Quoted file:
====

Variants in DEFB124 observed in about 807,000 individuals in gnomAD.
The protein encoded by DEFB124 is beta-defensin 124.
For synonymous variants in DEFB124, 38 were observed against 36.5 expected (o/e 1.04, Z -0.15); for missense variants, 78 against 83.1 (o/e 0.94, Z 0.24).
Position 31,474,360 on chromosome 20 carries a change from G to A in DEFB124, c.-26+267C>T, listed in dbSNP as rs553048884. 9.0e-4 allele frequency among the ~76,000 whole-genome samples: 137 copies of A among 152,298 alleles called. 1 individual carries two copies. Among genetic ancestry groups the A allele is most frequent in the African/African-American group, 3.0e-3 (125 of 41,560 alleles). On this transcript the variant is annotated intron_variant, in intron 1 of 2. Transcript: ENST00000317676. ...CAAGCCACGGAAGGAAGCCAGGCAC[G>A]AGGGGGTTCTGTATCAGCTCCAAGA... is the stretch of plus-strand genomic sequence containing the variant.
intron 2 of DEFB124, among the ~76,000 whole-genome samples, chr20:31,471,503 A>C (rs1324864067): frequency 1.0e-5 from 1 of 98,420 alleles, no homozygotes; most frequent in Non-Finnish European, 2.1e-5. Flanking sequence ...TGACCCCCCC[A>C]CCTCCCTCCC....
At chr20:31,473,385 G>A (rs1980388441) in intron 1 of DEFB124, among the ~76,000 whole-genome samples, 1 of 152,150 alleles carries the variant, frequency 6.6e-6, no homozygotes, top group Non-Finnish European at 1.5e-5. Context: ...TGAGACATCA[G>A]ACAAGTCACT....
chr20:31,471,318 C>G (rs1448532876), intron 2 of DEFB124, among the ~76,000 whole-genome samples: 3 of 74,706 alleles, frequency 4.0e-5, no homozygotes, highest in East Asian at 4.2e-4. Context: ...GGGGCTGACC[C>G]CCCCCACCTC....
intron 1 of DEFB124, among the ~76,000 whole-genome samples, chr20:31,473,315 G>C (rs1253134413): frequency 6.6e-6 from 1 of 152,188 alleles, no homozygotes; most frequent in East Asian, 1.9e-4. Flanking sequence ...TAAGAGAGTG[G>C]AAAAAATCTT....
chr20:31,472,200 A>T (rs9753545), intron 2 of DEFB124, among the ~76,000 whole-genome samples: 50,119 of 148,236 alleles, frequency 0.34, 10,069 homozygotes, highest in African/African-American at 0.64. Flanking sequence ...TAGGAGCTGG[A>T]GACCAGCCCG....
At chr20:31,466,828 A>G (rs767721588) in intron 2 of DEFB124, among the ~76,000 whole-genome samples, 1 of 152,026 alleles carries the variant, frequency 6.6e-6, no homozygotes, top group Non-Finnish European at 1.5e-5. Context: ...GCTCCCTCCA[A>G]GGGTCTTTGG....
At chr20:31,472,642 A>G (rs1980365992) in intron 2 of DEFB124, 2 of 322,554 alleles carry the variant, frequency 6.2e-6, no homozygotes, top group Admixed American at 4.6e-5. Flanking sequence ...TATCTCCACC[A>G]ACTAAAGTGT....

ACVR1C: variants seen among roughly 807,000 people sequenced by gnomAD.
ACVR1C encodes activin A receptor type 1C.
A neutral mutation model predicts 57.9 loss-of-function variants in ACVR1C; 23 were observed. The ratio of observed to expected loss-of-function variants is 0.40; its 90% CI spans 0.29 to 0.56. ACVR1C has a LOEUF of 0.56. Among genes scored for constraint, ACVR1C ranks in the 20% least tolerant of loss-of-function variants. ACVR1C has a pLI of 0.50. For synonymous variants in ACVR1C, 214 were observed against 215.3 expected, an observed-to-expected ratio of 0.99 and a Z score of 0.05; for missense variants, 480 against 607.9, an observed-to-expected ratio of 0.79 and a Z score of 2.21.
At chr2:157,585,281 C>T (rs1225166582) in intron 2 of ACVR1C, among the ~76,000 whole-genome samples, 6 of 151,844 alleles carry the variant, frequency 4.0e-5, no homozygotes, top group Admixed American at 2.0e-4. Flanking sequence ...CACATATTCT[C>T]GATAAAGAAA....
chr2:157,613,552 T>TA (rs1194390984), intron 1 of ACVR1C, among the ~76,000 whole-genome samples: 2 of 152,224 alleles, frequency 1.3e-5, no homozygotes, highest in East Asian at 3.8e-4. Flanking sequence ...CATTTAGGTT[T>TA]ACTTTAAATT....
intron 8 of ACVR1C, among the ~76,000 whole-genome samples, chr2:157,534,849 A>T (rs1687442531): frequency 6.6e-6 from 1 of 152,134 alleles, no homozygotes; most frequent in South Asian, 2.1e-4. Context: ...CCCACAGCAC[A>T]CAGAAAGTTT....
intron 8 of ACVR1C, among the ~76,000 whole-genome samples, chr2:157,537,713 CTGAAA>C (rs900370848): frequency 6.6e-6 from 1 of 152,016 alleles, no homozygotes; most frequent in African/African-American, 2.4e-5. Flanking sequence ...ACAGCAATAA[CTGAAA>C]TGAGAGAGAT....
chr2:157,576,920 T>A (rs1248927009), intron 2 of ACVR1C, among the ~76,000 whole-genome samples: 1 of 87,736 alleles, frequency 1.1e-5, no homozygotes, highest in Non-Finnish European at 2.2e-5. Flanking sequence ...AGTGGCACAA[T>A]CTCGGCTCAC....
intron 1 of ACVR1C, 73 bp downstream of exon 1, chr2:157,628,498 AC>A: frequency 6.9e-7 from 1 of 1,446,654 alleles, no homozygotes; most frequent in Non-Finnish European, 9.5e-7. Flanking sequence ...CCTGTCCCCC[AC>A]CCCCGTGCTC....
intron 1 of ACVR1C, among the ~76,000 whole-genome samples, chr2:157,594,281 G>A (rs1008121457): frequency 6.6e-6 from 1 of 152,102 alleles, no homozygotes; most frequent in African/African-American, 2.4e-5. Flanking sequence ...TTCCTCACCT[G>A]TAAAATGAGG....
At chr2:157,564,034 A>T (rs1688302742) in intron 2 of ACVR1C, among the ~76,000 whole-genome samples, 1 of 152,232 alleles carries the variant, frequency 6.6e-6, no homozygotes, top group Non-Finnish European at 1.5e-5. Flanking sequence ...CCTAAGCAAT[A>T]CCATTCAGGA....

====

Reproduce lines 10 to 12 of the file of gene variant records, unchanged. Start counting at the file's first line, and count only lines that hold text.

At chr20:31,466,828 A>G (rs767721588) in intron 2 of DEFB124, among the ~76,000 whole-genome samples, 1 of 152,026 alleles carries the variant, frequency 6.6e-6, no homozygotes, top group Non-Finnish European at 1.5e-5. Context: ...GCTCCCTCCA[A>G]GGGTCTTTGG....
At chr20:31,472,642 A>G (rs1980365992) in intron 2 of DEFB124, 2 of 322,554 alleles carry the variant, frequency 6.2e-6, no homozygotes, top group Admixed American at 4.6e-5. Flanking sequence ...TATCTCCACC[A>G]ACTAAAGTGT....

ACVR1C: variants seen among roughly 807,000 people sequenced by gnomAD.